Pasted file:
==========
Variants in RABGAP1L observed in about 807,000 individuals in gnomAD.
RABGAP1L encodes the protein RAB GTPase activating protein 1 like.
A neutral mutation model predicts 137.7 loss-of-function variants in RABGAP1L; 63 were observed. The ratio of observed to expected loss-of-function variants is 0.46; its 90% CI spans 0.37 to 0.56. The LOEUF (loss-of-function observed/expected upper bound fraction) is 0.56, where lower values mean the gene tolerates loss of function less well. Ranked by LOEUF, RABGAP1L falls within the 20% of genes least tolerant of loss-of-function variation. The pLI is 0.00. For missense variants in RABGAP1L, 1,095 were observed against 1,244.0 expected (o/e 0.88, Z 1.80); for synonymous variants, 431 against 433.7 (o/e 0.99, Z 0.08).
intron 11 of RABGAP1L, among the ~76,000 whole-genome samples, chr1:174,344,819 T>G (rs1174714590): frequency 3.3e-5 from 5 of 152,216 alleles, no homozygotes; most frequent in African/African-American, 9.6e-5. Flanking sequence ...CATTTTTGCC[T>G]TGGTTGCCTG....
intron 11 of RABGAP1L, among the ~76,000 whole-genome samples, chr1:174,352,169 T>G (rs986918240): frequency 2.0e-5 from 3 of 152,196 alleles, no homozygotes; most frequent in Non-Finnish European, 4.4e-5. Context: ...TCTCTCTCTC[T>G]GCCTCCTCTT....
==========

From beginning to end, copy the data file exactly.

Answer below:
Variants in RABGAP1L observed in about 807,000 individuals in gnomAD.
RABGAP1L encodes the protein RAB GTPase activating protein 1 like.
A neutral mutation model predicts 137.7 loss-of-function variants in RABGAP1L; 63 were observed. The ratio of observed to expected loss-of-function variants is 0.46; its 90% CI spans 0.37 to 0.56. The LOEUF (loss-of-function observed/expected upper bound fraction) is 0.56, where lower values mean the gene tolerates loss of function less well. Ranked by LOEUF, RABGAP1L falls within the 20% of genes least tolerant of loss-of-function variation. The pLI is 0.00. For missense variants in RABGAP1L, 1,095 were observed against 1,244.0 expected (o/e 0.88, Z 1.80); for synonymous variants, 431 against 433.7 (o/e 0.99, Z 0.08).
intron 11 of RABGAP1L, among the ~76,000 whole-genome samples, chr1:174,344,819 T>G (rs1174714590): frequency 3.3e-5 from 5 of 152,216 alleles, no homozygotes; most frequent in African/African-American, 9.6e-5. Flanking sequence ...CATTTTTGCC[T>G]TGGTTGCCTG....
intron 11 of RABGAP1L, among the ~76,000 whole-genome samples, chr1:174,352,169 T>G (rs986918240): frequency 2.0e-5 from 3 of 152,196 alleles, no homozygotes; most frequent in Non-Finnish European, 4.4e-5. Context: ...TCTCTCTCTC[T>G]GCCTCCTCTT....